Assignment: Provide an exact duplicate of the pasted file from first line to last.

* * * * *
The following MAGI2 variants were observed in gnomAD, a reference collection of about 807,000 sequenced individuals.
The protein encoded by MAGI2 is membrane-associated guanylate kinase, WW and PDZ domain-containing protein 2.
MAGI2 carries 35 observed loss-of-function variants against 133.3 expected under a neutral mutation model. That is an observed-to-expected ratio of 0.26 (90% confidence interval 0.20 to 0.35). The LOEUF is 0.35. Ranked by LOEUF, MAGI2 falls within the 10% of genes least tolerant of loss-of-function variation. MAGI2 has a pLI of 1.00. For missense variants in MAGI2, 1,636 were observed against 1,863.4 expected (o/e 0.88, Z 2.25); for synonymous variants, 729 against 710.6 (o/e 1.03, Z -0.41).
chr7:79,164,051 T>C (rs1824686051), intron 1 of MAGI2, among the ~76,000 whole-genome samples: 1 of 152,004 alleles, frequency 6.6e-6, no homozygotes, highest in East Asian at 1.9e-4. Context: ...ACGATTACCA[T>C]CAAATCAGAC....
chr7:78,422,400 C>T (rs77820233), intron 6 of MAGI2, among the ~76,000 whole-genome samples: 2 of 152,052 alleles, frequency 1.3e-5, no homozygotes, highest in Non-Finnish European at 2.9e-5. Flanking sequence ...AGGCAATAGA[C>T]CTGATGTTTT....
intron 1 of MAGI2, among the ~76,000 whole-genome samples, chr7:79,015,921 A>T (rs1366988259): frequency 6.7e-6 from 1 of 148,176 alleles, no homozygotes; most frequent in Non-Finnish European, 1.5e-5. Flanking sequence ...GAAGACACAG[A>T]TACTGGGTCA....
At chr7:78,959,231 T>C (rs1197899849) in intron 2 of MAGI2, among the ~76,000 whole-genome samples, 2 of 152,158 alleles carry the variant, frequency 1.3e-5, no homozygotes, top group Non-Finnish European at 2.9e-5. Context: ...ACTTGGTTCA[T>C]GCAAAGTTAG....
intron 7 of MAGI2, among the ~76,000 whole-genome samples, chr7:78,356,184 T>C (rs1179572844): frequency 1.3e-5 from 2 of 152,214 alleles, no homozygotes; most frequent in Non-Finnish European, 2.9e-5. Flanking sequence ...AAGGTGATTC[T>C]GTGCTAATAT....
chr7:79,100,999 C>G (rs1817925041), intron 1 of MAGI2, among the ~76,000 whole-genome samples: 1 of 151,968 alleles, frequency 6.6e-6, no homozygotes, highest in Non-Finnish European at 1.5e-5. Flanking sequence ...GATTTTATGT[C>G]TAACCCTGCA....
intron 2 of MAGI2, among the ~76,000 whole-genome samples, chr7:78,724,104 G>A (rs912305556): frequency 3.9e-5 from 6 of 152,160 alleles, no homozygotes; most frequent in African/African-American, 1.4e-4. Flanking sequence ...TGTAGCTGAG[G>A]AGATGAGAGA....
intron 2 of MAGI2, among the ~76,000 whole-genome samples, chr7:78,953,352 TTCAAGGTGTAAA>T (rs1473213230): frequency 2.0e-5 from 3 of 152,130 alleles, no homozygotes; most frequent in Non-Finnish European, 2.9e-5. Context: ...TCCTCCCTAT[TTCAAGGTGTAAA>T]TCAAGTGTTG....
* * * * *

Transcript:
The following MAGI2 variants were observed in gnomAD, a reference collection of about 807,000 sequenced individuals.
The protein encoded by MAGI2 is membrane-associated guanylate kinase, WW and PDZ domain-containing protein 2.
MAGI2 carries 35 observed loss-of-function variants against 133.3 expected under a neutral mutation model. That is an observed-to-expected ratio of 0.26 (90% confidence interval 0.20 to 0.35). The LOEUF is 0.35. Ranked by LOEUF, MAGI2 falls within the 10% of genes least tolerant of loss-of-function variation. MAGI2 has a pLI of 1.00. For missense variants in MAGI2, 1,636 were observed against 1,863.4 expected (o/e 0.88, Z 2.25); for synonymous variants, 729 against 710.6 (o/e 1.03, Z -0.41).
chr7:79,164,051 T>C (rs1824686051), intron 1 of MAGI2, among the ~76,000 whole-genome samples: 1 of 152,004 alleles, frequency 6.6e-6, no homozygotes, highest in East Asian at 1.9e-4. Context: ...ACGATTACCA[T>C]CAAATCAGAC....
chr7:78,422,400 C>T (rs77820233), intron 6 of MAGI2, among the ~76,000 whole-genome samples: 2 of 152,052 alleles, frequency 1.3e-5, no homozygotes, highest in Non-Finnish European at 2.9e-5. Flanking sequence ...AGGCAATAGA[C>T]CTGATGTTTT....
intron 1 of MAGI2, among the ~76,000 whole-genome samples, chr7:79,015,921 A>T (rs1366988259): frequency 6.7e-6 from 1 of 148,176 alleles, no homozygotes; most frequent in Non-Finnish European, 1.5e-5. Flanking sequence ...GAAGACACAG[A>T]TACTGGGTCA....
At chr7:78,959,231 T>C (rs1197899849) in intron 2 of MAGI2, among the ~76,000 whole-genome samples, 2 of 152,158 alleles carry the variant, frequency 1.3e-5, no homozygotes, top group Non-Finnish European at 2.9e-5. Context: ...ACTTGGTTCA[T>C]GCAAAGTTAG....
intron 7 of MAGI2, among the ~76,000 whole-genome samples, chr7:78,356,184 T>C (rs1179572844): frequency 1.3e-5 from 2 of 152,214 alleles, no homozygotes; most frequent in Non-Finnish European, 2.9e-5. Flanking sequence ...AAGGTGATTC[T>C]GTGCTAATAT....
chr7:79,100,999 C>G (rs1817925041), intron 1 of MAGI2, among the ~76,000 whole-genome samples: 1 of 151,968 alleles, frequency 6.6e-6, no homozygotes, highest in Non-Finnish European at 1.5e-5. Flanking sequence ...GATTTTATGT[C>G]TAACCCTGCA....
intron 2 of MAGI2, among the ~76,000 whole-genome samples, chr7:78,724,104 G>A (rs912305556): frequency 3.9e-5 from 6 of 152,160 alleles, no homozygotes; most frequent in African/African-American, 1.4e-4. Flanking sequence ...TGTAGCTGAG[G>A]AGATGAGAGA....
intron 2 of MAGI2, among the ~76,000 whole-genome samples, chr7:78,953,352 TTCAAGGTGTAAA>T (rs1473213230): frequency 2.0e-5 from 3 of 152,130 alleles, no homozygotes; most frequent in Non-Finnish European, 2.9e-5. Context: ...TCCTCCCTAT[TTCAAGGTGTAAA>T]TCAAGTGTTG....